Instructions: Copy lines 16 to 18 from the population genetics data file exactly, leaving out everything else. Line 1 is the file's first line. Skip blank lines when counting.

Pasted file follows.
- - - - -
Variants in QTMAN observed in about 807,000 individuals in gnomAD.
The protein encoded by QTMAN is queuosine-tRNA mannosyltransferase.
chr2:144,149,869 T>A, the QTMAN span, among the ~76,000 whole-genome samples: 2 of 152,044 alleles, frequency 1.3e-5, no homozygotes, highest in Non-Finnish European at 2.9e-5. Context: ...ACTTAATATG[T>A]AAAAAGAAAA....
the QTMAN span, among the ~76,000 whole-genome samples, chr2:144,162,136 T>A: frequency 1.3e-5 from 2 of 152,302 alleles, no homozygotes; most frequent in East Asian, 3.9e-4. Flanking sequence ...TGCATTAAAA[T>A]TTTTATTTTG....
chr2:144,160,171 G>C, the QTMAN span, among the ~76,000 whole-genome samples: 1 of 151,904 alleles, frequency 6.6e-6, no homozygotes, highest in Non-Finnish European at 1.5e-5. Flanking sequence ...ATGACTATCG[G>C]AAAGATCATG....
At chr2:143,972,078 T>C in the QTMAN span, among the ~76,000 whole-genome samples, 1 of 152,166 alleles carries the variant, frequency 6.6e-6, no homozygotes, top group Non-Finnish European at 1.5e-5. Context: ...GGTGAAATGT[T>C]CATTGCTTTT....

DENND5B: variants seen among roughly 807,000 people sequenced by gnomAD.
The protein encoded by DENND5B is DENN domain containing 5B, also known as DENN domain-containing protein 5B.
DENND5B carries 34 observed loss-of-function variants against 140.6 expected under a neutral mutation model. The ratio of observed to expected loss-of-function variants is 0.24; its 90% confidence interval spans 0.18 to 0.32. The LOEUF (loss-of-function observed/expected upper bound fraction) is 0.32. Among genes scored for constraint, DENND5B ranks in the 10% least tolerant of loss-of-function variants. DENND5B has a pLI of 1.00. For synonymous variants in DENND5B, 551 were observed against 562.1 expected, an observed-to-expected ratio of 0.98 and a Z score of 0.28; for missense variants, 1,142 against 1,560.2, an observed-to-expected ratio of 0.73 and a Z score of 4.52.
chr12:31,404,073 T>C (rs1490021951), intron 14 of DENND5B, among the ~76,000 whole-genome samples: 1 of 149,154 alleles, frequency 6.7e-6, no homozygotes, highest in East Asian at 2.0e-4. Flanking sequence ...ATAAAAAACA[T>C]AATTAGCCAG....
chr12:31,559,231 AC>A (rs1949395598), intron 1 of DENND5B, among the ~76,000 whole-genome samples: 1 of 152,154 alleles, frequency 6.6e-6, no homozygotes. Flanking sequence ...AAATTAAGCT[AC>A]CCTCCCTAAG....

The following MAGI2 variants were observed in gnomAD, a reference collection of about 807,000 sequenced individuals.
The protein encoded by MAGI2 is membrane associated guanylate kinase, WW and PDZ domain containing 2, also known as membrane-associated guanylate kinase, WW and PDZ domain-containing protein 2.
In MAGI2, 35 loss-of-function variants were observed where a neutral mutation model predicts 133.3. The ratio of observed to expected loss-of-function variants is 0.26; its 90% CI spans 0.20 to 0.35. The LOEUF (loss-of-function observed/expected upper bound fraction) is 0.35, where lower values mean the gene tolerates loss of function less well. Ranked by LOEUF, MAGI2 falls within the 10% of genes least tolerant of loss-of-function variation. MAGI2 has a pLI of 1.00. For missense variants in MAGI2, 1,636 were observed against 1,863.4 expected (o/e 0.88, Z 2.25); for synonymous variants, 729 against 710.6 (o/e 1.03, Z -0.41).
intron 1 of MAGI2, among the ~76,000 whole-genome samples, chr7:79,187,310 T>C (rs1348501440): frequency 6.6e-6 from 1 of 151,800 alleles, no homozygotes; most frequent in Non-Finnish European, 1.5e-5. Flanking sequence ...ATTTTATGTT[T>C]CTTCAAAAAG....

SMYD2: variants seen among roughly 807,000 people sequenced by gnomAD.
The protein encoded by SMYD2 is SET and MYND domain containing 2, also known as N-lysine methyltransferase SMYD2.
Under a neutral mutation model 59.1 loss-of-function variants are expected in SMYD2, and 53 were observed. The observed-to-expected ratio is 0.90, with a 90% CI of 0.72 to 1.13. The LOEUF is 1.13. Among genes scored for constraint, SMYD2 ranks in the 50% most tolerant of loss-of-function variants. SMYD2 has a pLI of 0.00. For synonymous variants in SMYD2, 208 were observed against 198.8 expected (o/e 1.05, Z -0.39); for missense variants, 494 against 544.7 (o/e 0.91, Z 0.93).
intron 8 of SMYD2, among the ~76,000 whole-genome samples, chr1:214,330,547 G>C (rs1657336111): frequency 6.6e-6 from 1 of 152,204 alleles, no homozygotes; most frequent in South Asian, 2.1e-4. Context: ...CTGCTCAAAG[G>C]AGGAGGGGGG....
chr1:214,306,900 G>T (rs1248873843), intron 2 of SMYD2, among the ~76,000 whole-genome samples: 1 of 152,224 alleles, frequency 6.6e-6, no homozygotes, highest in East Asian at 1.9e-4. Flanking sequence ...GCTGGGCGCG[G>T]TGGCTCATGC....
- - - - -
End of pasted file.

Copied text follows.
SMYD2: variants seen among roughly 807,000 people sequenced by gnomAD.
The protein encoded by SMYD2 is SET and MYND domain containing 2, also known as N-lysine methyltransferase SMYD2.
Under a neutral mutation model 59.1 loss-of-function variants are expected in SMYD2, and 53 were observed. The observed-to-expected ratio is 0.90, with a 90% CI of 0.72 to 1.13. The LOEUF is 1.13. Among genes scored for constraint, SMYD2 ranks in the 50% most tolerant of loss-of-function variants. SMYD2 has a pLI of 0.00. For synonymous variants in SMYD2, 208 were observed against 198.8 expected (o/e 1.05, Z -0.39); for missense variants, 494 against 544.7 (o/e 0.91, Z 0.93).